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the great goat flood
refugee livestock causing crisis in dohuk

Abdul-Khaleq Dosky
Drought in Iraq and violence in Syria is driving a new group of refugees into Iraq: goats and sheep. And they’re bringing problems: competition for food, disease and various economic impacts.
9.08.2012  |  Dohuk

Over the past three months the Dohuk province has seen a major increase in the immigration of refugees from Syria and from other parts of Iraq – and authorities warn that it could cause a crisis in the area very soon. But this migration does not involve humans. Rather it involves an estimated 100,000 sheep and goats, fleeing both the violence and insecurity in Syria and unfavourable farming conditions elsewhere in Iraq.

Dohuk’s Veterinary Directorate estimates that the number of sheep and goats entering the province over the last three months now makes up around 13 percent of all the livestock in the area. There are an estimated 750,000 sheep and goats in the province already.

“This is the first time that we’ve received such a huge number of animals coming from Mosul and from the adjacent Syrian territories,” officials at the Directorate told NIQASH.

The director of Dohuk’s veterinary services, Diyar Tayeb, said there were two main reasons why livestock was flooding into the province. The first involved the violence in Syria which has seen Syrian merchants selling livestock very cheaply.

The second had to do with increasing desertification in some areas around the nearby city of Mosul; this was causing Bedouin sheep and goat herders to migrate towards Dohuk, which had more water.

The number of registered shepherds in the area has also increased, the director of the Bateel Veterinary Centre, Adel Anwar, told NIQASH, with the total now 41. Between them, these shepherds own 25,000 sheep and goats.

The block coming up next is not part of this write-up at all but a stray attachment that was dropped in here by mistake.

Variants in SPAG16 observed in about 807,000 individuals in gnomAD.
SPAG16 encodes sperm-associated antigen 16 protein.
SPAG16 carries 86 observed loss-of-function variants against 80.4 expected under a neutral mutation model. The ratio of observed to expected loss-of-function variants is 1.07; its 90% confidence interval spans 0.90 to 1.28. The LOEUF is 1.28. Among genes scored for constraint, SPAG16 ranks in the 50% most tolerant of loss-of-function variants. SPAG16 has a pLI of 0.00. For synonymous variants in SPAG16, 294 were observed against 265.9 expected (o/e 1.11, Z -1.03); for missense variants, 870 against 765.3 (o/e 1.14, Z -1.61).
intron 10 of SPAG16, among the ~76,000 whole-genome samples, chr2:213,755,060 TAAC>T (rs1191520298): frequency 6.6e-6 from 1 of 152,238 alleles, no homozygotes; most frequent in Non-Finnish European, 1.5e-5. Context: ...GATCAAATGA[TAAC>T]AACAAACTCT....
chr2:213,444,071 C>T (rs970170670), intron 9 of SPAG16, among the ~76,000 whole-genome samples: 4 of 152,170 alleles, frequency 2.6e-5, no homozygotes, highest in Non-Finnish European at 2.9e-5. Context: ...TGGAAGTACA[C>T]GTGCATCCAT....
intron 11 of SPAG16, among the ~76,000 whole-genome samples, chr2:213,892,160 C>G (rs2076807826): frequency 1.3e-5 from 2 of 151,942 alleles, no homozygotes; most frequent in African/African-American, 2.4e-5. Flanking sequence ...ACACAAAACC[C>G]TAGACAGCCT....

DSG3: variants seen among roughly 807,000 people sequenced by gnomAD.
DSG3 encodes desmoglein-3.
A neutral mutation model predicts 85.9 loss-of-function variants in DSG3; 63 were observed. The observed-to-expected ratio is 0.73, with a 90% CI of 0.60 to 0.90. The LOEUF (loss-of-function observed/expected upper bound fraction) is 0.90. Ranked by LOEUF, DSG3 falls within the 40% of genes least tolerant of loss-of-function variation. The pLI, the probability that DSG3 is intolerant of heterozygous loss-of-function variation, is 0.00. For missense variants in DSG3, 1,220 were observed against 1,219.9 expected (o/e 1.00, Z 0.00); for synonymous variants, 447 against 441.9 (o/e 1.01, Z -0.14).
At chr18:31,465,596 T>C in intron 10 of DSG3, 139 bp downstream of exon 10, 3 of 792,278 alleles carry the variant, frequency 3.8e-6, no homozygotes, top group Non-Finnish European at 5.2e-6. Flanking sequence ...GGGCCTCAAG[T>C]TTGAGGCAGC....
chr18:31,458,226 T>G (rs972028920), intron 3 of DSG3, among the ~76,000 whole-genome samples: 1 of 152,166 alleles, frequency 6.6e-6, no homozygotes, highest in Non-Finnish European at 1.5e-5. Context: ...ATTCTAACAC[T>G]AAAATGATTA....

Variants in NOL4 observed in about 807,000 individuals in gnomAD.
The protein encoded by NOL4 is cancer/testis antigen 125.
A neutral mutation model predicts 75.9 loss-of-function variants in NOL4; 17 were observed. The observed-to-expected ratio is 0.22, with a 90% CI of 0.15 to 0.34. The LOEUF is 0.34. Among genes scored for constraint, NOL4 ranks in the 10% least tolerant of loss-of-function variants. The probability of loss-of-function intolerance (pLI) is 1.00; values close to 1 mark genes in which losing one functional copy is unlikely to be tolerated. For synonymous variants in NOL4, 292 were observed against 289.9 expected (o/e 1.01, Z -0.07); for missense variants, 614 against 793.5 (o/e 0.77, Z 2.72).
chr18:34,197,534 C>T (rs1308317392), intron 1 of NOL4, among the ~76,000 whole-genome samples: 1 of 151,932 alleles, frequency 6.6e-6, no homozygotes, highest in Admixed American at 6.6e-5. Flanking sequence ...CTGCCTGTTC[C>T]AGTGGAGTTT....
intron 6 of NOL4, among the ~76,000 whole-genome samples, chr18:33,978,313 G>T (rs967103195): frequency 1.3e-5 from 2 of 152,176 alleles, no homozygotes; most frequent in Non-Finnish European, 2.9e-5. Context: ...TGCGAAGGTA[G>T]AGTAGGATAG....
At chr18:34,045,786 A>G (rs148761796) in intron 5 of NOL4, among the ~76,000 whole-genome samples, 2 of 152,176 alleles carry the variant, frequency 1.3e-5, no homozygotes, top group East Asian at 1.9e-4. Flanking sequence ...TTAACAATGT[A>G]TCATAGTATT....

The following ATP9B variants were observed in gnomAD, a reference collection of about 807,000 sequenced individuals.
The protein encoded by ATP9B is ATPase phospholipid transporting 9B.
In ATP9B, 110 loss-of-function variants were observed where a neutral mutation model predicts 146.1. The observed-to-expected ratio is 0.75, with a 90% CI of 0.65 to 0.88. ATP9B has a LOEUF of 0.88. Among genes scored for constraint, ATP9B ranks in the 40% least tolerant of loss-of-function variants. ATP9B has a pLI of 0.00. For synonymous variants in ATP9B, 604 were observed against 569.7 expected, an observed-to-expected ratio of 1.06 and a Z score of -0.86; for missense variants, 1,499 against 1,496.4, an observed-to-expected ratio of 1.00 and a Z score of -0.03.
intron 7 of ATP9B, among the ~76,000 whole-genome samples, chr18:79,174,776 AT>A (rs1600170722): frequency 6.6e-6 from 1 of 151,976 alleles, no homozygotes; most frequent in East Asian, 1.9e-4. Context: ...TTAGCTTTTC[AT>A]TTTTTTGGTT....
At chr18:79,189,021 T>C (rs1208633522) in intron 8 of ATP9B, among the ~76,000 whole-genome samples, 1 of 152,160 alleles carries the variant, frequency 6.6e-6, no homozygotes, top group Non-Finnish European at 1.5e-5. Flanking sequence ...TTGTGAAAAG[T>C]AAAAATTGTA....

“We are trying to check the animals before they enter the Dohuk province,” Anwar explains. “And we are trying to provide the sheep and goats coming from Syria with extra feed, in the same way that we provide extra feed to local livestock.”

However because of this, Anwar adds, the migration of livestock is controversial: “The amount of feed allocated to Dohuk won’t be enough to cover the needs of the province’s original livestock as well as the new livestock. The livestock from Syria is going to be competing for food with local goats and sheep.”

Additionally the migrating shepherds are also causing problems. Because they are unaware of pastoral boundaries between villages and whose land they are on, they have been grazing illegally.

Anwar also had concerns about the migrating animals’ state of health. Dohuk’s livestock was regularly vaccinated but the incoming animals could be carrying disease.

This is one of the reasons that the head of the Kurdistan Organization of Animal Rights Protection (KOARP), Suleiman Tamer, believes that the Syrian livestock shouldn’t be allowed into the country.